Thro' life's more cultur'd walks, and charm the way ;
These, far dispers’d, on timrous pinions fly,
To sport and flutter in a kinder sky.
To kinder skies, where gentler manners reign,
I turn and Fra pe displays her bright domain.
Gay sprightly land of mirth and social ease,
Pleas'd with thyself, whom all the world can please ;
How often have I led thy sportive choir,
With tuneless pipe, beside the murm'ring Loire !
Where shading elms along the margin grew,
And, freshen’d from the wave, the zephyr flew;
And haply, tho' my harsh touch falt'ring still,
But mock'd all tune, and marr'd the dancer's skill,
Yet would the village praise my wond'rous pow'r,
And dance, forgetful of the noon-tide hour!
Alike all ages ; dames of ancient days
Have led their children thro' the mirthful maze;
And the gay grandsire, skill'd in, gestic lore,
Hag frisk'd beneath the burden of threescore.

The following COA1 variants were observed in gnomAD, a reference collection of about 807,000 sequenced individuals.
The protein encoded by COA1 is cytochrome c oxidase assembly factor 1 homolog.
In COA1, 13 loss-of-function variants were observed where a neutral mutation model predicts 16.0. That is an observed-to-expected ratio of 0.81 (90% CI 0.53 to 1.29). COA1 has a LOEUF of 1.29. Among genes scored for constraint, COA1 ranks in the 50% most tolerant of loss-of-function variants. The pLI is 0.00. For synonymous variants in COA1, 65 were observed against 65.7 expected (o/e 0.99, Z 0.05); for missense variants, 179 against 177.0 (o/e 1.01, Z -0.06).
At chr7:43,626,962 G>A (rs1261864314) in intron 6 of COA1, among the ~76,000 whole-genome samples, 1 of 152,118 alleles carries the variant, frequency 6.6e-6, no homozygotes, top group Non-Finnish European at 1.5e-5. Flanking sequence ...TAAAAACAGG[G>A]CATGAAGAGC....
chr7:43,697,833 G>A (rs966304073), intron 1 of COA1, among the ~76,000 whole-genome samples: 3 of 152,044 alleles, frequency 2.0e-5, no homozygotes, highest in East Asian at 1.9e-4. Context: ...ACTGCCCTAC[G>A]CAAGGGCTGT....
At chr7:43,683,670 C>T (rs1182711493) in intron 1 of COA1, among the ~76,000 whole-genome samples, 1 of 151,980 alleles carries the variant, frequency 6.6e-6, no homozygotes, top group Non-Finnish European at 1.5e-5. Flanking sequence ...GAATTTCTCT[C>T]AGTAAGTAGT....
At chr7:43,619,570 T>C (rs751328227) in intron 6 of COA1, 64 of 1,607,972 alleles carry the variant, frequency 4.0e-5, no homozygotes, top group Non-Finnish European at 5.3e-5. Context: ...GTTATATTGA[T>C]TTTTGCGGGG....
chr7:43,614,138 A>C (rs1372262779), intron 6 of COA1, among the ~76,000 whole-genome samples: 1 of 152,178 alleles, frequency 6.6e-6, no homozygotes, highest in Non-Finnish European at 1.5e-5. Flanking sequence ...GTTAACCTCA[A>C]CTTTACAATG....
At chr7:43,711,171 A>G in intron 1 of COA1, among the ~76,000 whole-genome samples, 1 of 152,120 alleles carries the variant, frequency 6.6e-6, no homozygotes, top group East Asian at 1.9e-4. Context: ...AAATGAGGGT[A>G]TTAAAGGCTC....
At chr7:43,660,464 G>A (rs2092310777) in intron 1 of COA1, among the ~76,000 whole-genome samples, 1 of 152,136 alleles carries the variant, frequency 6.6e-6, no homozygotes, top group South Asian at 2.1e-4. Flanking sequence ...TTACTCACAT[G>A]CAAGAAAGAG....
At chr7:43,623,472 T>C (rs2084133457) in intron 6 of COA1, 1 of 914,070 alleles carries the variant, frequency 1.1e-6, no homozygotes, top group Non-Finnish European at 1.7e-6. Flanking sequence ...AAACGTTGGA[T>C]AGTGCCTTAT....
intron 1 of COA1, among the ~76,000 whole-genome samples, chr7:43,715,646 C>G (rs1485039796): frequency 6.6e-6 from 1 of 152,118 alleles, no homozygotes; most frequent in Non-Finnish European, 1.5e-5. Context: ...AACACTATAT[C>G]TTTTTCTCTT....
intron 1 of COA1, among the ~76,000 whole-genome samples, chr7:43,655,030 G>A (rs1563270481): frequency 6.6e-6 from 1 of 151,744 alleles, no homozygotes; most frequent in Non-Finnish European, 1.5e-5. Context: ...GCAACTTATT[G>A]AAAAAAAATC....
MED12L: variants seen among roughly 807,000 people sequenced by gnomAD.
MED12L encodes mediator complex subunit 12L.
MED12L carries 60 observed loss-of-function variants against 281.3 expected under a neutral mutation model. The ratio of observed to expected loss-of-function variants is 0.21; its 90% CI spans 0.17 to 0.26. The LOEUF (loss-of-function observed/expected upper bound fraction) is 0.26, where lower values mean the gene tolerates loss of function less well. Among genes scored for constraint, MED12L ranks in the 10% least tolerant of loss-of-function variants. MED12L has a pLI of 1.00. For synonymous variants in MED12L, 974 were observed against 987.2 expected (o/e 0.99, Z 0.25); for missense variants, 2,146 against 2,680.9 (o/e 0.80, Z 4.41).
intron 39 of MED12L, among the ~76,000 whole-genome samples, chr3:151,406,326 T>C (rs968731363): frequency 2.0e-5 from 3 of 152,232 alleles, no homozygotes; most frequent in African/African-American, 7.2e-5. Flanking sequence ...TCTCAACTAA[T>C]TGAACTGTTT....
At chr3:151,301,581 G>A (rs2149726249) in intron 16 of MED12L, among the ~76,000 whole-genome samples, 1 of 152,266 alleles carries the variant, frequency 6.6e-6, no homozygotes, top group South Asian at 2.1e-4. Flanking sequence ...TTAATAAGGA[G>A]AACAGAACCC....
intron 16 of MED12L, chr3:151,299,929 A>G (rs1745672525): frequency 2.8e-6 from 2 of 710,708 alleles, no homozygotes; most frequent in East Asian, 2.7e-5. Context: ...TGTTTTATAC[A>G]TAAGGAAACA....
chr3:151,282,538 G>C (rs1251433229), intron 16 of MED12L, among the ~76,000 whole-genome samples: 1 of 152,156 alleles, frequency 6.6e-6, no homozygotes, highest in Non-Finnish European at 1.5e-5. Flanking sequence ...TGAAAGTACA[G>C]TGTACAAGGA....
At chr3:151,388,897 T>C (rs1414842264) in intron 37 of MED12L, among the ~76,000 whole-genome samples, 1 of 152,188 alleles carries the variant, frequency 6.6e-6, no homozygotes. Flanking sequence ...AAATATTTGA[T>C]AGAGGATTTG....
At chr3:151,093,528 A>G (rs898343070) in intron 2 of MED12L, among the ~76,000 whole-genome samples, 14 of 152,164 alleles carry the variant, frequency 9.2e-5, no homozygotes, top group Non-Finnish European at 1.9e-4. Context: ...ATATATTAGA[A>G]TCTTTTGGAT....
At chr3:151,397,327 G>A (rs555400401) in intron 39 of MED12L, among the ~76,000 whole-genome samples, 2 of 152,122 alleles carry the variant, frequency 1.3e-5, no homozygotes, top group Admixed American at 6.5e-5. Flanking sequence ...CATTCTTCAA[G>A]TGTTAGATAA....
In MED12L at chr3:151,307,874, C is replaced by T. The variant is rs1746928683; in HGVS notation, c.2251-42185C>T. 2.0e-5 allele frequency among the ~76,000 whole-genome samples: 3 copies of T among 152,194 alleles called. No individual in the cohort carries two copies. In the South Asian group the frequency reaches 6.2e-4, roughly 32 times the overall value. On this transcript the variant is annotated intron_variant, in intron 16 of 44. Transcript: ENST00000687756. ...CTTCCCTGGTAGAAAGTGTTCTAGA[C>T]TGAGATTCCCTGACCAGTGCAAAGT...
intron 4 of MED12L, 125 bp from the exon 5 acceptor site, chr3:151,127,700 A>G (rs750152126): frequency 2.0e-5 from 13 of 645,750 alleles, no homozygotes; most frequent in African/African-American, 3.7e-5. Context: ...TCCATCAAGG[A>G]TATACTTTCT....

So gay a life these thoughtless realms display;
Thus idly busy rolls their world away.
Theirs are those arts that mind to mind endear; .
For honour forms the social temper here.
Honour, that praise which real merit garam.com
Or e'en imaginary worth obtains,
Here passes current ; paid from hand to hand,
It shifts in splendid traffic round the land.
From courts to camps, to cottages, it strays,
And all are taught an avarice of praise :
They please, are pleas’d, they give to get esteem;
Till, seeming blest, they grow to what they seem.
But while this softer art their bliss supplies, It gives their follies also room to rise ; For praise too dearly loy'd or warmly sought, IT Enfeebles all internal strength of thought;
And the weak soul, within itself unblest,
Leans for all pleasure on another's breast.
Hence ostentation, here, with tawdry art,
Pants for the vulgar praise which fools impart;
Here vanity assumes her pert grimace,
And trims her robes of frieze with copper-lace;
Here beggar pride defrauds her daily cheer,
To boast one splendid banquet once a year :
The mind still turns where shifting fashion draws,
Nor weighs the solid worth of self-applause.
To men of other minds my fancy flies,
Embosom'd in the deep where Holland lies.
Methinks her patient sons before me stand,
Where the broad ocean leans against the land ;
And sedulous to stop the coming tide,
Lift the tall rampire's artificial pride.
Onward methinks, and diligently slow,
The firm connected bulwark seems to grow ;
Spreads its long arms amidst the wat’ry roar,
Scoops out an empire, and usurps the shore;